Tuesday, March 30, 2010

Observations on Cereal (while shopping at Costco)

Of these cereals, which is the least expensive?
  • Cheerios
  • Corn Flakes
  • Frosted Flakes

Of these cereals, which does NOT contain High Fructose Corn Syrup?

  • Froot Loops/Apple Jacks (combo pack)
  • Corn Flakes
  • Frosted Flakes

The answer to question one is Frosted Flakes. The answer to question two is the Froot Loops/Apple Jacks combo pack.

MS and I came up with an explanation of Why Frosted Flakes Might Be Cheaper: Inferior ingredients masked by the sweetness of HFCS.

We thought that the lack of HFCS in FL/AJ might be due to being Kosher for Passover? But all the cereals were marked with a K. And aren't the grains used in cereals trayfe for Passover anyway?

In any case, we're paying more attention to ingredients. And, where possible, we're avoiding HFCS. Which means no Corn Flakes. HFCS! IN CORN FLAKES! Sheesh.

Tuesday, March 23, 2010

MM's hair

Is his hair. I don't get too worked up about his hair, because it's HIS hair. But...
It's kinda shaggy. He's got a permanent case of bed head.

Last night, after he got out of the shower. I asked him if I could have fun with his hair and, when he said "yes", I brushed it into a DA. For the last fifteen minutes of the day, he looked like a miniature Fonzie.

When he woke up, it was back to Harry Potter.

I gently suggested we go to get it cut. But when he said "no", I didn't push it. It's his hair.

But, lo, it is shaggy.

Saturday, March 13, 2010

Division of (household) labor - baking bread edition

I baked bread today - three loaves (from the Little House on the Prairie Cookbook). Start-to-finish, it took about 6 hours, though only really only one hour of that was me interacting with the materials.

So, at around 0830, I mixed the ingredients for the sponge (warm water, yeast. Stir. More water. Stir. 4 cups of flour. Stir. Cover and set in a warm place for about an hour). After it was covered and set in a warm place, I tidied up a bit and Mr. Spock made breakfast (pancakes). We cleaned up the kitchen together.

That took us to 9:30, whereupon I mixed milk, "drippings" from a pot roast MS had cooked (we cooled down the gravy in a container on the back porch back when it was freezing out, pried off the layer of fat that rose to the top, and stored it separately from the gravy in the freezer), sugar, salt, and a cup of flour together. Then I added the sponge, kept mixing. Added more flour, kept mixing. Then I turned it all out onto a cutting board and pounded it with graceless abandon (my knuckles are still sore). Three minutes kneading, three minutes resting, three kneading, three resting, three kneading. Then I put the whole thing into a bowl greased with more "drippings" and covered it with a towel. And I greased the pans.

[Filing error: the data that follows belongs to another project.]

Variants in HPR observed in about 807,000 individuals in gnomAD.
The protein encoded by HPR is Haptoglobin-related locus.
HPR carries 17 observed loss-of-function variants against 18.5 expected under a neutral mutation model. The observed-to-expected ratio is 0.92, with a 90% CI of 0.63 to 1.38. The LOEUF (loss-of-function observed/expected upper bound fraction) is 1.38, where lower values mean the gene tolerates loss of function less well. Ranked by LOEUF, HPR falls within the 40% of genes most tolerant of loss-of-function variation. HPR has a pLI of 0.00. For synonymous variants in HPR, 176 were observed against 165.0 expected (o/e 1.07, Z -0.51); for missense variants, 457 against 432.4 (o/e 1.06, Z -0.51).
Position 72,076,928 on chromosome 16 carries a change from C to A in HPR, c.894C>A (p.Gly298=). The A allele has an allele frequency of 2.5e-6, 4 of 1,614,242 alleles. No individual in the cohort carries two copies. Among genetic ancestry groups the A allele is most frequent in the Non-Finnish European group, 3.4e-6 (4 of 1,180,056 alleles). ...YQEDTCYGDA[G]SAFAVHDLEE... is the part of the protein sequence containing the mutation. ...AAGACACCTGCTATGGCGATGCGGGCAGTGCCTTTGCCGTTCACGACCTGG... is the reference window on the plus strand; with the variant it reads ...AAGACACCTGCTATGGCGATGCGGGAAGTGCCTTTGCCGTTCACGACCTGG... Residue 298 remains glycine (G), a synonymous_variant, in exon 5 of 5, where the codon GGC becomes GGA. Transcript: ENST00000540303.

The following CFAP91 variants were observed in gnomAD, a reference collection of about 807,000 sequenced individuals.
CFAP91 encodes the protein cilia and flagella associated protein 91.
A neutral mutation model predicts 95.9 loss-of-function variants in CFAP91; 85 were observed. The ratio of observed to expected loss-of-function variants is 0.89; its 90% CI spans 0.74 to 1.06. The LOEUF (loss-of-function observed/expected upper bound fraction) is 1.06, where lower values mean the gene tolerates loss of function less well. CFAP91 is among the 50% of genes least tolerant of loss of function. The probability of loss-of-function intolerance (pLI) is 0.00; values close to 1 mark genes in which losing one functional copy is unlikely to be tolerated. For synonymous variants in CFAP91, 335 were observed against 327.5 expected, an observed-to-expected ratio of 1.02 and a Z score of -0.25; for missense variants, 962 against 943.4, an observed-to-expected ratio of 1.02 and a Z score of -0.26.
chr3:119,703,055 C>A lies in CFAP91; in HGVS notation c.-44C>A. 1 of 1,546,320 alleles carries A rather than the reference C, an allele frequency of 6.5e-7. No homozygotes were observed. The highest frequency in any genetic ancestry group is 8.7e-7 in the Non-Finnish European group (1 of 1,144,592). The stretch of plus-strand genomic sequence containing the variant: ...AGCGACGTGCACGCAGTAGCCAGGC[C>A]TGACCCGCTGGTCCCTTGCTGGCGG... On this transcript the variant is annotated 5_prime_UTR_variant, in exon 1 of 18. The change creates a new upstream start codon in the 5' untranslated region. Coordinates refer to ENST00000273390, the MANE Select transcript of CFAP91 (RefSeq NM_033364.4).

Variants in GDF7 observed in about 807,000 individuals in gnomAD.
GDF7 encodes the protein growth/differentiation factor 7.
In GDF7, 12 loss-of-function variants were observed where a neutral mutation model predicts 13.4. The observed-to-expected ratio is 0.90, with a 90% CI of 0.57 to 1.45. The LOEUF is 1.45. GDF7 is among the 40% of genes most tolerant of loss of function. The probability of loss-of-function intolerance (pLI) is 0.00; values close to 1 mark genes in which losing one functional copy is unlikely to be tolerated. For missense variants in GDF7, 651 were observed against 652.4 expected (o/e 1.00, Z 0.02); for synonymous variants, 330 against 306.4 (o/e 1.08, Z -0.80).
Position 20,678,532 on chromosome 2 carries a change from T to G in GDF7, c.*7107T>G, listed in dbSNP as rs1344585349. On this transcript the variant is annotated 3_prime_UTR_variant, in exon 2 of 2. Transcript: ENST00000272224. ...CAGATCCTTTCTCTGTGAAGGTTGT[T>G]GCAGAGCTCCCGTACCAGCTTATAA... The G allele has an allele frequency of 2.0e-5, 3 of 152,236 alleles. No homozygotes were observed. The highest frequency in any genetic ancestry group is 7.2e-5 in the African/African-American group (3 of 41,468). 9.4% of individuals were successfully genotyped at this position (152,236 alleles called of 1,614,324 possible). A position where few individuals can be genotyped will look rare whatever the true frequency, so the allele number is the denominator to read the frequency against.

I was exhausted. I don't know how Laura did that and milked the cows and whatnot.

MS cleaned up the kitchen.

We played a game of Bananagrams, we argued over whether "zot" is a word (it's not. We checked). Ninety minutes passed. I punched down the dough, divided it in three (relatively) equal pieces, put them in the greased baking pans and set them to rise for another 2 hours.

Then I took a shower while MS made lunch. We ate, we watched a bit of TV, we played Set. I called my grandma.

I put the bread in a preheated oven and baked them for 30 minutes. Decided they could brown up a bit and gave em another 5 minutes. Then another 5. Took them out of the oven. Left them to cool.

Went to do some phone-banking for Cesar del Aguila. Ran some errands, and ate dinner out (MM loooooooves that Sushi!). And then came home to freeze two loaves and put the other one in the breadbox (well, it's a cupboard, but we call it the breadbox).

I was thinking about all this in the context of the post at Global Comment by Sarah Jaffe on "Rethinking Work: Cooking as Labor. And how I would probably NOT baked bread today if I'd been responsible for all the other cooking, or if I'd been responsible for the cleanup of the mixing bowl. How grateful I am that I have a spouse who a) likes to cook and b) doesn't wait to be asked to clean the mixing bowl.

Add to that, the context of Laura Ingalls Wilder. How grateful I am to have ingredients to hand that require very little work on my part. I did not have to grind the wheat into flour. In fact, I had white flour in great quantities. I didn't have to twist hay to make enough burnable sticks to both heat the house and bake the bread. Baking bread is a leisure activity for me, not a necessity.

All of this is bubbling in my head, while I nurse my sore knuckles.

Monday, March 08, 2010

I would say something if I had something to say...

Will catch up here later this week. Sorry for the silence here, but I'm noisy at my other blog and on Twitter.